Size, population and level of education and political participation each have a role to play in innovation. Regardless of how smaller contries strive to pave ways for themselves, they will almost always lag behind richer economies, with more diverse industry and export portfolios, who are likelier to score
high in innovation.
This is the situation in Sub-Saharan Africa as shown by the 2018 Global Innovation Index. Although there have been continuous talks that Africa is the next big thing, the level of education, awareness and policies all collaborate to hold the continent down, in terms of innovation.
Of the 126 countries examined in the 2018 Global Innovation Index, only 8 countries from Sub-Saharan Africa made it to top 100. With 80 indicators used to measure the capacity for innovation and reflect the success of innovation, African countries lagged with an average region-wide score of 25.
By creating metrics through which innovation can be measured across the globe and helping to identify ways that innovation can better serve the society, the Global innovation index analyses the innovation landscape of next decade and identifies possible breakthroughs in fields such as energy production, storage, distribution, and consumption.
The Global innovation index helps to create an environment in which innovation factors are continually evaluated. It provides a key tool of detailed metrics for 126 economies this year, representing 90.8 percent of the world’s population and 96.3 percent of the world’s GDP (in current US dollars).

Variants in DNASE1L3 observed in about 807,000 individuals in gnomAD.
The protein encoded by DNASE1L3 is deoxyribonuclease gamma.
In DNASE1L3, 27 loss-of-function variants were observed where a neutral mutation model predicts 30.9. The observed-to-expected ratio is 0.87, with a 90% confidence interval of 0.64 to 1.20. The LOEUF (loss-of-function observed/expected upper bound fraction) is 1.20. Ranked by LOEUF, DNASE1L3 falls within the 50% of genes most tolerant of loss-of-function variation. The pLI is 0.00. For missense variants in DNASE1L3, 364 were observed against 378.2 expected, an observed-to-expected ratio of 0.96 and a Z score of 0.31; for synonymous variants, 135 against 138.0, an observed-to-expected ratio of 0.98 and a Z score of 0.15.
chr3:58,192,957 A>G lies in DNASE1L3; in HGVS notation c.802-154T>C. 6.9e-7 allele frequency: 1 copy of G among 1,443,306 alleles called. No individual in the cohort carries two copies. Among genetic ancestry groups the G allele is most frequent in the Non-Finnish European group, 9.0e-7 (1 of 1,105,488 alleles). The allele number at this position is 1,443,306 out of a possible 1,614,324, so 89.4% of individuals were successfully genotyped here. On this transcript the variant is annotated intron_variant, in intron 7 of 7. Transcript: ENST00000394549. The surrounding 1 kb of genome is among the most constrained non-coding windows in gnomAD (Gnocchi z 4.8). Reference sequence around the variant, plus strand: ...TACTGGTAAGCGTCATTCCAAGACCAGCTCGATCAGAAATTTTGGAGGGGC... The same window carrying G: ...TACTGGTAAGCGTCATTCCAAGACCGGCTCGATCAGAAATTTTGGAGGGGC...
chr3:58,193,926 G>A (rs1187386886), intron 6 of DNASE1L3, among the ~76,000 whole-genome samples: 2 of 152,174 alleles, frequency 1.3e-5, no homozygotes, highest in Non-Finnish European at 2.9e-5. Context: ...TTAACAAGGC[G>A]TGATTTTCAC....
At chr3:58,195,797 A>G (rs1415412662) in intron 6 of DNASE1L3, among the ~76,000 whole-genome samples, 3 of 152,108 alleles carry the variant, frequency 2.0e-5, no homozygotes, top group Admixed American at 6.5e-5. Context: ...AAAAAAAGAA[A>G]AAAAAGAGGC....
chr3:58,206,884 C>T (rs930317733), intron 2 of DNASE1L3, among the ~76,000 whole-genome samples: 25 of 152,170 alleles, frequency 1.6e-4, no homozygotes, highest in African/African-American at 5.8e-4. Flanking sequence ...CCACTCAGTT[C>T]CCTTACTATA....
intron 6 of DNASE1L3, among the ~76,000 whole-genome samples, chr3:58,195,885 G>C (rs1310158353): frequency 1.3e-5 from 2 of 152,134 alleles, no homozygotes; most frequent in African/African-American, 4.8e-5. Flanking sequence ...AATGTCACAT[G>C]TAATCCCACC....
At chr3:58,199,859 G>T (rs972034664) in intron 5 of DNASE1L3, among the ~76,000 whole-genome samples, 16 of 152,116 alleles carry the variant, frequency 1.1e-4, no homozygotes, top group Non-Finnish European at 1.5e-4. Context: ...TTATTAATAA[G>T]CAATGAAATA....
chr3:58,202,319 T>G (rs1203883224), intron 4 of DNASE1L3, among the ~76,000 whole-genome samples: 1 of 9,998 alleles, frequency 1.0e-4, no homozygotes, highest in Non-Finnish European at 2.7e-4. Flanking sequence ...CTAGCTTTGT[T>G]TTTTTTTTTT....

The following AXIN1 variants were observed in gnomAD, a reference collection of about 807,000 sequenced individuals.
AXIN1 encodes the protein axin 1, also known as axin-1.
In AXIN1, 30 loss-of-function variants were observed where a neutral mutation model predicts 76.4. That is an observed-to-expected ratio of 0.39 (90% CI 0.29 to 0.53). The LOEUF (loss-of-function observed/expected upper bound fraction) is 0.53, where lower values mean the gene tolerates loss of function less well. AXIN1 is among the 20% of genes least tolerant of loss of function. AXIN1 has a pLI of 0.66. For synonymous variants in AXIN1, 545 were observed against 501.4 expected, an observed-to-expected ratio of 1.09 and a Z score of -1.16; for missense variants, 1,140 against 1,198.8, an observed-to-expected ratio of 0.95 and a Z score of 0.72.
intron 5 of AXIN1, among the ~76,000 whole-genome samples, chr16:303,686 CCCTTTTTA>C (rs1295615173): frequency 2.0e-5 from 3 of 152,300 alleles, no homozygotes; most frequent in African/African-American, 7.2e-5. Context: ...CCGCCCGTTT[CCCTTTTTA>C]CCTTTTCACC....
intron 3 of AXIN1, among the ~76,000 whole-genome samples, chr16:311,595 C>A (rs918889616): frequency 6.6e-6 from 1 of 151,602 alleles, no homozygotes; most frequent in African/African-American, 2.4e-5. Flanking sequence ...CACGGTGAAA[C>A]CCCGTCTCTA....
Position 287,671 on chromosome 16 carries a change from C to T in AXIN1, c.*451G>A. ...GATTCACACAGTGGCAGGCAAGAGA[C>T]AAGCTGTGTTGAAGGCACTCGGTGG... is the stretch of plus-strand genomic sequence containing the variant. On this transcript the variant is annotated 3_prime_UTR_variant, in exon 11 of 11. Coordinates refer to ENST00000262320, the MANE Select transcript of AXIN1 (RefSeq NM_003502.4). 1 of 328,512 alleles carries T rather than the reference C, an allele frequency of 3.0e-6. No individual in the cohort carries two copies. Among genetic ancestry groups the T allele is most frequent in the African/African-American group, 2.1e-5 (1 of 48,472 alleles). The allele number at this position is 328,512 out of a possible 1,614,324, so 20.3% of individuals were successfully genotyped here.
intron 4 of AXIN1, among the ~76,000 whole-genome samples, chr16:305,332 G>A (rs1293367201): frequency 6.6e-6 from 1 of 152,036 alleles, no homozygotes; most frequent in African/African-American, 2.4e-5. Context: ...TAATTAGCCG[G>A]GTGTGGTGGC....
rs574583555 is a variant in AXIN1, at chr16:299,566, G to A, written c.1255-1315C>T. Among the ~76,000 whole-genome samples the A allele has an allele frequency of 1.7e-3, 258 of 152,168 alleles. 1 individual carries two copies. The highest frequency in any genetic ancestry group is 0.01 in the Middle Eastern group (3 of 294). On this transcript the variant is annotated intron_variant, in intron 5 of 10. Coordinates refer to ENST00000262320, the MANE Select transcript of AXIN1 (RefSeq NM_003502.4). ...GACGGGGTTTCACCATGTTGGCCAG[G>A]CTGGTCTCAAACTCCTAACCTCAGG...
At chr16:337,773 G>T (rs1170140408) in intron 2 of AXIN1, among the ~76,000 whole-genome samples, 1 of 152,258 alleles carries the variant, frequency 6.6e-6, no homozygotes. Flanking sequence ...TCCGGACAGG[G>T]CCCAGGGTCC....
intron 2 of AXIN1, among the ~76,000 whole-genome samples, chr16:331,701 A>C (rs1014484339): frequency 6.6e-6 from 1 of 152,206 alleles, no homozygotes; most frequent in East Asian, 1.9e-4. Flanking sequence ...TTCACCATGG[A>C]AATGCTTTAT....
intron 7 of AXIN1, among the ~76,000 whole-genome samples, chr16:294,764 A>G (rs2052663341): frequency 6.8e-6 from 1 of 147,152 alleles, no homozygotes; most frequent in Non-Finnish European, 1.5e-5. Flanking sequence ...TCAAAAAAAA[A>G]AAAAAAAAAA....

Topping the list by region is North America with an average score of 56, the second most innovative region is Europe with a score of 47. Next on the list is South East Asia, East Asia and Oceania at 44. North Africa and Western Asia stand at 34, Latin America and the Caribbean 30, Central and Southern Asia 28, followed by Sub-Saharan Africa at 25.
Taking the lead as the most innovative country in the least innovative region is South Africa with a score of 35.1, ranking as 58th out of the 126 countries surveyed. This is almost half the score of Switzerland which topped the Global Innovative Index list as the most innovative country in the most innovative region with a score of 68.4.
The next innovative country on the index after South Africa is Mauritius with a score of 31.3, Kenya follows closely at 31.1. In the fourth position is Botswana with a 28.2 score passing Tanzania with a 0.1 score at 28.1. Namibia scored 28, Rwanda 26.5, Senegal 26.5, Uganda score 25.3 meanwhile the giant of Africa, Nigeria came a distant 10th with a score of 22.3.
In context, richer economies, with more diverse industry and export portfolios, are likelier to score high in innovation than economies with relatively small economies. Whike countries like Nigeria have a large population and economy, which come with a lot of advantages in spurring innovation, the country has not been able to exploit the opportunity. With poor investment in important sectors such as education, several countries in Africa will continue rank low in innovation.
Despite significant investment in innovation inputs, some economies do not generate a corresponding level of innovation outputs. Most economies have a linear relationship between innovation inputs and outputs as seen in Africa.
To promote innovation, the Global Innovation Index encourages the need to prioritize policies that foster new sources of innovation-driven growth. According to the report, laying the foundations for innovation-driven growth is paramount to ensuring that economies move beyond a short-lived cyclical recovery.